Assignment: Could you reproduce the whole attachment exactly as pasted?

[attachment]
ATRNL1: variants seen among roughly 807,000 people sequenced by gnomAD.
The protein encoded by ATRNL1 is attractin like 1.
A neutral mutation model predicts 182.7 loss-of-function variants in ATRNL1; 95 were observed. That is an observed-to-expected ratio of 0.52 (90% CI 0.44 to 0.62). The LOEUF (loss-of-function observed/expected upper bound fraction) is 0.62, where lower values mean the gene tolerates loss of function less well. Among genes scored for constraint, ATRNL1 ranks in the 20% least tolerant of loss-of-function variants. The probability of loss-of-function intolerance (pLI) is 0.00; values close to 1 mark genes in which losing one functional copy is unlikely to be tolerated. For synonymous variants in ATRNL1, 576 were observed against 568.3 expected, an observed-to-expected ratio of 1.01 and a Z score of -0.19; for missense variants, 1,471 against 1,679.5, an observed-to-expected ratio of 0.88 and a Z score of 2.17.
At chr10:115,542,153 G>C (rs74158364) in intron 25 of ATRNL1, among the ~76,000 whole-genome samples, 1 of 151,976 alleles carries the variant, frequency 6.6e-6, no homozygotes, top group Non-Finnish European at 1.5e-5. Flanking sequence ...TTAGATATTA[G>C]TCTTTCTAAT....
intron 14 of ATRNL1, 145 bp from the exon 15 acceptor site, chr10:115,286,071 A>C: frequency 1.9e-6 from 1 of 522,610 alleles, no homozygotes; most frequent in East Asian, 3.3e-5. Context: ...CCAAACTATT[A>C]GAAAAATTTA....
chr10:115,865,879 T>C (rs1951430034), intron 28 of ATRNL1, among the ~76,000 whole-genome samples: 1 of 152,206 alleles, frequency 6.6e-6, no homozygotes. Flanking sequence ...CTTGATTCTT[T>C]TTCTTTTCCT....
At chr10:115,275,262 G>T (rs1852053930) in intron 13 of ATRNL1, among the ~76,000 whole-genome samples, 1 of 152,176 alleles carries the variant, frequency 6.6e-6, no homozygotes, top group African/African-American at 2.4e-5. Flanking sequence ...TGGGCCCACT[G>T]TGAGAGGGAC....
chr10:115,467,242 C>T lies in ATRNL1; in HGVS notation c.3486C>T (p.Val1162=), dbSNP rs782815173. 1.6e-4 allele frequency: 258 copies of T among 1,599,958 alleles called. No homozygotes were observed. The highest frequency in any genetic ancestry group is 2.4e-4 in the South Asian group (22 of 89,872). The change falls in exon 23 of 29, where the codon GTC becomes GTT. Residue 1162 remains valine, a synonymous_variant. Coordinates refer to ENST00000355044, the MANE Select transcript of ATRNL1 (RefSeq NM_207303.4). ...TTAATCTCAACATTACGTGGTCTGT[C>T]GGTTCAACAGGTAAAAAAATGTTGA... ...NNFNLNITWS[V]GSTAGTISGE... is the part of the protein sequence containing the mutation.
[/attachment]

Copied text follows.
ATRNL1: variants seen among roughly 807,000 people sequenced by gnomAD.
The protein encoded by ATRNL1 is attractin like 1.
A neutral mutation model predicts 182.7 loss-of-function variants in ATRNL1; 95 were observed. That is an observed-to-expected ratio of 0.52 (90% CI 0.44 to 0.62). The LOEUF (loss-of-function observed/expected upper bound fraction) is 0.62, where lower values mean the gene tolerates loss of function less well. Among genes scored for constraint, ATRNL1 ranks in the 20% least tolerant of loss-of-function variants. The probability of loss-of-function intolerance (pLI) is 0.00; values close to 1 mark genes in which losing one functional copy is unlikely to be tolerated. For synonymous variants in ATRNL1, 576 were observed against 568.3 expected, an observed-to-expected ratio of 1.01 and a Z score of -0.19; for missense variants, 1,471 against 1,679.5, an observed-to-expected ratio of 0.88 and a Z score of 2.17.
At chr10:115,542,153 G>C (rs74158364) in intron 25 of ATRNL1, among the ~76,000 whole-genome samples, 1 of 151,976 alleles carries the variant, frequency 6.6e-6, no homozygotes, top group Non-Finnish European at 1.5e-5. Flanking sequence ...TTAGATATTA[G>C]TCTTTCTAAT....
intron 14 of ATRNL1, 145 bp from the exon 15 acceptor site, chr10:115,286,071 A>C: frequency 1.9e-6 from 1 of 522,610 alleles, no homozygotes; most frequent in East Asian, 3.3e-5. Context: ...CCAAACTATT[A>C]GAAAAATTTA....
chr10:115,865,879 T>C (rs1951430034), intron 28 of ATRNL1, among the ~76,000 whole-genome samples: 1 of 152,206 alleles, frequency 6.6e-6, no homozygotes. Flanking sequence ...CTTGATTCTT[T>C]TTCTTTTCCT....
At chr10:115,275,262 G>T (rs1852053930) in intron 13 of ATRNL1, among the ~76,000 whole-genome samples, 1 of 152,176 alleles carries the variant, frequency 6.6e-6, no homozygotes, top group African/African-American at 2.4e-5. Flanking sequence ...TGGGCCCACT[G>T]TGAGAGGGAC....
chr10:115,467,242 C>T lies in ATRNL1; in HGVS notation c.3486C>T (p.Val1162=), dbSNP rs782815173. 1.6e-4 allele frequency: 258 copies of T among 1,599,958 alleles called. No homozygotes were observed. The highest frequency in any genetic ancestry group is 2.4e-4 in the South Asian group (22 of 89,872). The change falls in exon 23 of 29, where the codon GTC becomes GTT. Residue 1162 remains valine, a synonymous_variant. Coordinates refer to ENST00000355044, the MANE Select transcript of ATRNL1 (RefSeq NM_207303.4). ...TTAATCTCAACATTACGTGGTCTGT[C>T]GGTTCAACAGGTAAAAAAATGTTGA... ...NNFNLNITWS[V]GSTAGTISGE... is the part of the protein sequence containing the mutation.